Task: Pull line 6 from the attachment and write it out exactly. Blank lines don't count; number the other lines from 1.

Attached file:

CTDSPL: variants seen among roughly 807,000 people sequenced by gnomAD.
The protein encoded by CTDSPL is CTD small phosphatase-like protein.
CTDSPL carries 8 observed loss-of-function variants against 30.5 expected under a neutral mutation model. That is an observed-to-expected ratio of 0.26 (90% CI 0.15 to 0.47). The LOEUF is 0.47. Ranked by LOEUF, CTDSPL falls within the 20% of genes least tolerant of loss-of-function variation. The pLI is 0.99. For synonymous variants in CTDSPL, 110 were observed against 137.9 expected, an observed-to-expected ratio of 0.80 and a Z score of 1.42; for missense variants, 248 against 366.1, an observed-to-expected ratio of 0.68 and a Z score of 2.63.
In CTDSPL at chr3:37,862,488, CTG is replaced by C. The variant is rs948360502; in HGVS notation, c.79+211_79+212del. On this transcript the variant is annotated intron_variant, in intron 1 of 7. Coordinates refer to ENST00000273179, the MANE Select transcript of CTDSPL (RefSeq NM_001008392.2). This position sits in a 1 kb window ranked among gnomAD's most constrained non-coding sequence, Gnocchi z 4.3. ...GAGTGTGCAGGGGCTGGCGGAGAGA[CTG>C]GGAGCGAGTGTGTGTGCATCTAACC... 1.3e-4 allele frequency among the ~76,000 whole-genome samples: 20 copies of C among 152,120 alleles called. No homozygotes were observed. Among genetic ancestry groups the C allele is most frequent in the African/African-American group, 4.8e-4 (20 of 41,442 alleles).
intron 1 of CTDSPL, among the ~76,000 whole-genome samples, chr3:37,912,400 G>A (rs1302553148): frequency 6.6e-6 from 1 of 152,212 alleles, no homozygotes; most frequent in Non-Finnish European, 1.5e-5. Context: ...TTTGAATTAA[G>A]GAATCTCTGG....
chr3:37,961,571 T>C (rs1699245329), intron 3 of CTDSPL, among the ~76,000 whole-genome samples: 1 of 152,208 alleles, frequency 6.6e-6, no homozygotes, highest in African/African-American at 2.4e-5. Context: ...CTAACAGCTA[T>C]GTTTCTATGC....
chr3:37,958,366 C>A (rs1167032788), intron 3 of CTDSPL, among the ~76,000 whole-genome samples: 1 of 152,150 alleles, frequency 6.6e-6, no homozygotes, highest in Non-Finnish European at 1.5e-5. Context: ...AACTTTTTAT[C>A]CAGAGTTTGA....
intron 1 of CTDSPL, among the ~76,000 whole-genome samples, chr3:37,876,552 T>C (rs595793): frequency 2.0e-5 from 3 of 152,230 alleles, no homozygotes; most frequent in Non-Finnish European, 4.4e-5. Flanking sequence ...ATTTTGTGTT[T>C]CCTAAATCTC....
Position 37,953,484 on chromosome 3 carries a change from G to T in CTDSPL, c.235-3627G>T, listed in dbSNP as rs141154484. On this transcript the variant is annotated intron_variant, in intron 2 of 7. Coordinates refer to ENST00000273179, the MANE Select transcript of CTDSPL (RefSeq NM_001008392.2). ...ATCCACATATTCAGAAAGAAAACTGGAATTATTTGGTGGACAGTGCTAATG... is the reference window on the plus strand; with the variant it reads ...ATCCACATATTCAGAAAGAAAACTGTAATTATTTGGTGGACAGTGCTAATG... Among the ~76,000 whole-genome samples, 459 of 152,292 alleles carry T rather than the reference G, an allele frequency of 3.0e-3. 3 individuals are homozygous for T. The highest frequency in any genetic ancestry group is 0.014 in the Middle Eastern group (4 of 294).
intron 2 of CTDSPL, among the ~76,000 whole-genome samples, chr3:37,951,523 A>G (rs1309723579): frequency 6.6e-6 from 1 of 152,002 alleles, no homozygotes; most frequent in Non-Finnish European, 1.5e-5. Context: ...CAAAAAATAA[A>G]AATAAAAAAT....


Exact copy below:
chr3:37,961,571 T>C (rs1699245329), intron 3 of CTDSPL, among the ~76,000 whole-genome samples: 1 of 152,208 alleles, frequency 6.6e-6, no homozygotes, highest in African/African-American at 2.4e-5. Context: ...CTAACAGCTA[T>C]GTTTCTATGC....